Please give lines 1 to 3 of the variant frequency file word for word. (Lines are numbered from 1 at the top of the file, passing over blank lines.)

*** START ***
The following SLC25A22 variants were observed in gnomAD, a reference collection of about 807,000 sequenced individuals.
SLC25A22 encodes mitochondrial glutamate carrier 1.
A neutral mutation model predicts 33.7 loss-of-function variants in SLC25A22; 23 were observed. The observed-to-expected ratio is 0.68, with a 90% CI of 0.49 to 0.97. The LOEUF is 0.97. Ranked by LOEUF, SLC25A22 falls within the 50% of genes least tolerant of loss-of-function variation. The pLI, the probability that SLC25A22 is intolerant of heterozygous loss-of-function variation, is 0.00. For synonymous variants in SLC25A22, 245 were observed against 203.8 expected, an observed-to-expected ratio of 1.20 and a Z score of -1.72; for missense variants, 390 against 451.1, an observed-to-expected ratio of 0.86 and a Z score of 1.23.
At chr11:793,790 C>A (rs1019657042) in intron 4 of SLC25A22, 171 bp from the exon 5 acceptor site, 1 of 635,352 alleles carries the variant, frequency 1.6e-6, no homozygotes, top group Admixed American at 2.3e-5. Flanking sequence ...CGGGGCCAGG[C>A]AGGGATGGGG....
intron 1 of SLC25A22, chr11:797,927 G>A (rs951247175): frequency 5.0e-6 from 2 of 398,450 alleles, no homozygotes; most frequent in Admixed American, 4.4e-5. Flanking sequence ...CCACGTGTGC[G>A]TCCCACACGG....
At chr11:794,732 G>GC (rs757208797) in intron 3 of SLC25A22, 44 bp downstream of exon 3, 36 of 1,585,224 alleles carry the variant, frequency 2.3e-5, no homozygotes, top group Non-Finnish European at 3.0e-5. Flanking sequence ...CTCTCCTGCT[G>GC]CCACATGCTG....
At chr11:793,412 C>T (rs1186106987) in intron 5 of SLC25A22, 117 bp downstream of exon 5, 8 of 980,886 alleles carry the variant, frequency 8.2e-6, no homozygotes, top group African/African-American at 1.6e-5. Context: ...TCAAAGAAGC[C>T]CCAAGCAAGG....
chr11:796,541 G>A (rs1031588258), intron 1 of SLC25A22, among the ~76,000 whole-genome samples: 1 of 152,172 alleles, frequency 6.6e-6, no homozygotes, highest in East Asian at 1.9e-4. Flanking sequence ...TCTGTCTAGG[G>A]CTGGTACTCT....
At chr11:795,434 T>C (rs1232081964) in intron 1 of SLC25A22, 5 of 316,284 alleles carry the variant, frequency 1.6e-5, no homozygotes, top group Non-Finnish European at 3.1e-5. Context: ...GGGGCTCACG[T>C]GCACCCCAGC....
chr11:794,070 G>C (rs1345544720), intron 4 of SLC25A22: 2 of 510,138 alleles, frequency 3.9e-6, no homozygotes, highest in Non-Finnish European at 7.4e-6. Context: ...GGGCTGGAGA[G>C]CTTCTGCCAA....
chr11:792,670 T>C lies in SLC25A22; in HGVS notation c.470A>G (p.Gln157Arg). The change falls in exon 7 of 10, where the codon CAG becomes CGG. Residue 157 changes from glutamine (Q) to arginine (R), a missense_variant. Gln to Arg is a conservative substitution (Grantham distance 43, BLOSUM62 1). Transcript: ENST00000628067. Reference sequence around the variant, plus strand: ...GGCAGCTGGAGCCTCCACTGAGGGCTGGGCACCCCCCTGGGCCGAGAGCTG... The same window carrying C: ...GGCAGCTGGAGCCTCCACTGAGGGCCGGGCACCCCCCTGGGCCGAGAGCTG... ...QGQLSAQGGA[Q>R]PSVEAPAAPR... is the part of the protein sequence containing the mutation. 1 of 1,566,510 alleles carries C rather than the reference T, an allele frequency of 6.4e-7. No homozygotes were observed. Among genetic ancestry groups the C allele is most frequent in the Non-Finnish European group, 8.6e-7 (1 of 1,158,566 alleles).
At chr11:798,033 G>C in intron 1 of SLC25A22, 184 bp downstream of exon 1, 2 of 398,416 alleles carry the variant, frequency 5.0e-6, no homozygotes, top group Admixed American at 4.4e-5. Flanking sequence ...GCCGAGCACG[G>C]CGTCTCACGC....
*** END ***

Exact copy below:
The following SLC25A22 variants were observed in gnomAD, a reference collection of about 807,000 sequenced individuals.
SLC25A22 encodes mitochondrial glutamate carrier 1.
A neutral mutation model predicts 33.7 loss-of-function variants in SLC25A22; 23 were observed. The observed-to-expected ratio is 0.68, with a 90% CI of 0.49 to 0.97. The LOEUF is 0.97. Ranked by LOEUF, SLC25A22 falls within the 50% of genes least tolerant of loss-of-function variation. The pLI, the probability that SLC25A22 is intolerant of heterozygous loss-of-function variation, is 0.00. For synonymous variants in SLC25A22, 245 were observed against 203.8 expected, an observed-to-expected ratio of 1.20 and a Z score of -1.72; for missense variants, 390 against 451.1, an observed-to-expected ratio of 0.86 and a Z score of 1.23.